David Foster Wallace

Presences of the Other

Edited by: Beatrice Pire, Pierre-Louis Patoine

Now available in paperback! Why is David Foster Wallace so widely read? Why does his fiction and non-fiction continue to raise enthusiasm among an ever-growing variety of readers of all ages and backgrounds, not only in English-speaking countries but all over the world, while describing all the malcontents, dead ends, and solipsistic tendencies of contemporary civilization? David Foster Wallace counteracts the vision of Wallace's postmodern oeuvre as selfishly self-absorbed, narcissistic, or confining, and it attempts to answer the question of its appeal by addressing it as 'an open work,' following Umberto Eco's definition of great texts. Epitomized in the missing questions of Brief Interviews, in the endnotes of Infinite Jest that entice readers into fertile wanderings, or in The Pale King demands for active editing and creative involvement, DFW's paradoxically difficult and impenetrable work opens up and allows for limitless interventions and participation. By becoming a playground for interpretation, his work reveals itself as an exercise in care. Indeterminate and inconclusive, constructed on Derridean 'difference', DFW's output testifies to the presence of a liberating symbolic Other. By resisting closure, it promotes both a fundamental reworking of the literary tradition and a compassionate vision of the human condition. Prominent scholars explore varieties of otherness in Wallace's 'open work' by engaging with the dialogue his writing establishes with non-literary discourses, such as cinema (French Nouvelle Vague), music (rap, in Signifying Rappers), religion (Buddhism), and philosophy (Wittgenstein). [Subject: Literary Criticism, Cinema Studies, Theatre Studies]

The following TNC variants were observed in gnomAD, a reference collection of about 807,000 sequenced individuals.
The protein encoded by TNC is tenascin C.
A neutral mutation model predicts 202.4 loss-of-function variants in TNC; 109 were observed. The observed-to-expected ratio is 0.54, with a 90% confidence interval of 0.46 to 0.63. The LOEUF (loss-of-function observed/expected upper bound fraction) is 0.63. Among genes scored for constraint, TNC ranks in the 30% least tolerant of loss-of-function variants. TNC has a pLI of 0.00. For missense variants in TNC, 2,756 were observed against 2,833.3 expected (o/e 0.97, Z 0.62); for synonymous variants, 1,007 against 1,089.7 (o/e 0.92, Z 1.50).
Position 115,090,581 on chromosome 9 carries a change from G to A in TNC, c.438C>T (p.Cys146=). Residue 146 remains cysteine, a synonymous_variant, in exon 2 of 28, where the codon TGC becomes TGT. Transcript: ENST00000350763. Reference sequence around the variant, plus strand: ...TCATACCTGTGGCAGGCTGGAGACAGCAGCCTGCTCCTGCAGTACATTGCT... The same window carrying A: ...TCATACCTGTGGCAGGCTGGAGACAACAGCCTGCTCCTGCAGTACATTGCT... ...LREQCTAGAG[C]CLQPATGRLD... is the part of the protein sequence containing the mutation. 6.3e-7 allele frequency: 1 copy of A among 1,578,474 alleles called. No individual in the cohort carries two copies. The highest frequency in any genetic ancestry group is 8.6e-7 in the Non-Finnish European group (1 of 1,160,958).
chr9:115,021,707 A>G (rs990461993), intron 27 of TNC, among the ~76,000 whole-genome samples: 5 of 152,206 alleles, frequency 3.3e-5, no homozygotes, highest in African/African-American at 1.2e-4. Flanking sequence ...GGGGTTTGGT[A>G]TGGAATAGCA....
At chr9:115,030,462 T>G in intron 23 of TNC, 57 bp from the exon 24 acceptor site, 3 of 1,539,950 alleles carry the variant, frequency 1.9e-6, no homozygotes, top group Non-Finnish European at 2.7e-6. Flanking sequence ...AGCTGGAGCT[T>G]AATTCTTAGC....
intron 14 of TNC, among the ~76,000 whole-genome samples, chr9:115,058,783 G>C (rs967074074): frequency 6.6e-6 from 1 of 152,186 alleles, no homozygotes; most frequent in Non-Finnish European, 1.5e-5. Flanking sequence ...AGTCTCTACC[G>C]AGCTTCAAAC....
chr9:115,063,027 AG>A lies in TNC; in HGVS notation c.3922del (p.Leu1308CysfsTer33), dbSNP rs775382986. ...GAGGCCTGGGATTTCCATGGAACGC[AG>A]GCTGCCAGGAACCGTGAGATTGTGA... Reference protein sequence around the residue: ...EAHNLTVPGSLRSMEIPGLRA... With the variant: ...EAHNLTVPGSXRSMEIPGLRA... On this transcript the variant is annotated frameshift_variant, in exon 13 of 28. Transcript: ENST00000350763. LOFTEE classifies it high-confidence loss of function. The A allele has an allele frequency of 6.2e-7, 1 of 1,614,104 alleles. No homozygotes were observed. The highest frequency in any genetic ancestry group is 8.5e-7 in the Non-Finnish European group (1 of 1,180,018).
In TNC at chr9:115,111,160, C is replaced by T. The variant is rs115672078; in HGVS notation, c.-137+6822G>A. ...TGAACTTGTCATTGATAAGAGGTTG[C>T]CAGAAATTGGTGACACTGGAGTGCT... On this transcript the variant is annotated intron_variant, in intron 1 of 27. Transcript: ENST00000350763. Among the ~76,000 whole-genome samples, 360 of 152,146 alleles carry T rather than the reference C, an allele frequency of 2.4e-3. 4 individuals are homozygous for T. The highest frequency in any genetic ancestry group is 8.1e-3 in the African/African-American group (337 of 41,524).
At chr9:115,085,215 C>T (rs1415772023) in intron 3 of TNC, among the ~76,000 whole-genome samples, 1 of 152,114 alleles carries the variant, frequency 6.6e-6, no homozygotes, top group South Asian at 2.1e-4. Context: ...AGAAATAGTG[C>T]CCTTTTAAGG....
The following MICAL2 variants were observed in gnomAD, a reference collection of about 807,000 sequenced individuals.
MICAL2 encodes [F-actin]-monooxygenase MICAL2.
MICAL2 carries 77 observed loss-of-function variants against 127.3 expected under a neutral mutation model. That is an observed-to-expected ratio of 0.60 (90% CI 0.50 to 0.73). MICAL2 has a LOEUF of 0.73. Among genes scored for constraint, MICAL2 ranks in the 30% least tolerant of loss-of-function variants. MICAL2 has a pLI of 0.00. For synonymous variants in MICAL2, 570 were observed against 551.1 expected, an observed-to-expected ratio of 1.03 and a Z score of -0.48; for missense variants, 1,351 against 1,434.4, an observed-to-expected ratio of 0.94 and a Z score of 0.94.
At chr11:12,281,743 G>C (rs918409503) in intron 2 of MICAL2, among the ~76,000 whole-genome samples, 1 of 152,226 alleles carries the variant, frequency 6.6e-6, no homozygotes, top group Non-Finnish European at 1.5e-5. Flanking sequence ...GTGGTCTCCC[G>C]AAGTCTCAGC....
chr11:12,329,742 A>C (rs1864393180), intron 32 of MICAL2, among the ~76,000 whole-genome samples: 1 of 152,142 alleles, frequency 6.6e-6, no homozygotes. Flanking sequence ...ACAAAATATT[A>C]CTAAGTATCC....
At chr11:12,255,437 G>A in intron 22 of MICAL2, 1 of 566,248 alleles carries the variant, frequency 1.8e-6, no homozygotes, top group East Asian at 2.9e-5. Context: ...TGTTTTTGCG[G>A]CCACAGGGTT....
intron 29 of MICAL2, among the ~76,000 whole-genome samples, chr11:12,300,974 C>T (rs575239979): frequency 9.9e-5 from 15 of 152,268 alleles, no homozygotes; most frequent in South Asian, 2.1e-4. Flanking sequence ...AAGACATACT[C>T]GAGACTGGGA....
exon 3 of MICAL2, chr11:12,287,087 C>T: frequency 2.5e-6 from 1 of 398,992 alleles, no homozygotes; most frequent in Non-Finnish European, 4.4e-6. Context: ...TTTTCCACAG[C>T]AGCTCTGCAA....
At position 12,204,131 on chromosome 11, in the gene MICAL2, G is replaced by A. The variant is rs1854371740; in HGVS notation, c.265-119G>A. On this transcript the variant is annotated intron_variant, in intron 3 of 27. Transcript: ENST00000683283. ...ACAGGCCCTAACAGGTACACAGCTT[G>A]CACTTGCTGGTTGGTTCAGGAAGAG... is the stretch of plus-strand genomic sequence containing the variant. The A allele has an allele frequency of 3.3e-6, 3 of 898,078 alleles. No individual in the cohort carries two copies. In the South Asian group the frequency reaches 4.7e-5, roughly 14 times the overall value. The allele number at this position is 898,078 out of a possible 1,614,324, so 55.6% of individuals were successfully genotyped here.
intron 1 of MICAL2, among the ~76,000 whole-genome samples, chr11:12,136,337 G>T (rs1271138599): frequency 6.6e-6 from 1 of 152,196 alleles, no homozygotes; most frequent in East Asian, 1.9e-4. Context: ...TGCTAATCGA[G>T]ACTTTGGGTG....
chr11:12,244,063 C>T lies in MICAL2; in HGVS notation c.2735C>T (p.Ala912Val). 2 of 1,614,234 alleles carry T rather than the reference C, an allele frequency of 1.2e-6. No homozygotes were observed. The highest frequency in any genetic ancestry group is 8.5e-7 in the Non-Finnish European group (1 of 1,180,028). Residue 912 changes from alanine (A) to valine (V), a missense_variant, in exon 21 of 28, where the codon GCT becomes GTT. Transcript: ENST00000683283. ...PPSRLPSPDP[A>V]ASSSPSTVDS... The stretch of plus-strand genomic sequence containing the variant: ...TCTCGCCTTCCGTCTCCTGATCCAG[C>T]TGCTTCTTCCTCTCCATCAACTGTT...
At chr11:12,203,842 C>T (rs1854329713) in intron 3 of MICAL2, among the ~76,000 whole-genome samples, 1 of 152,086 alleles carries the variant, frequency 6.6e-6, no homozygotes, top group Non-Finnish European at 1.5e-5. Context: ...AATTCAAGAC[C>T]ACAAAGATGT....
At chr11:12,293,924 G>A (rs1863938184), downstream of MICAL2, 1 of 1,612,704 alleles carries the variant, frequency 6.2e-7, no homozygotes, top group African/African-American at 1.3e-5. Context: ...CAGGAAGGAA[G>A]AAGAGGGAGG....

Not Yet Published
Format: Paper
ISBN: 9781845199203

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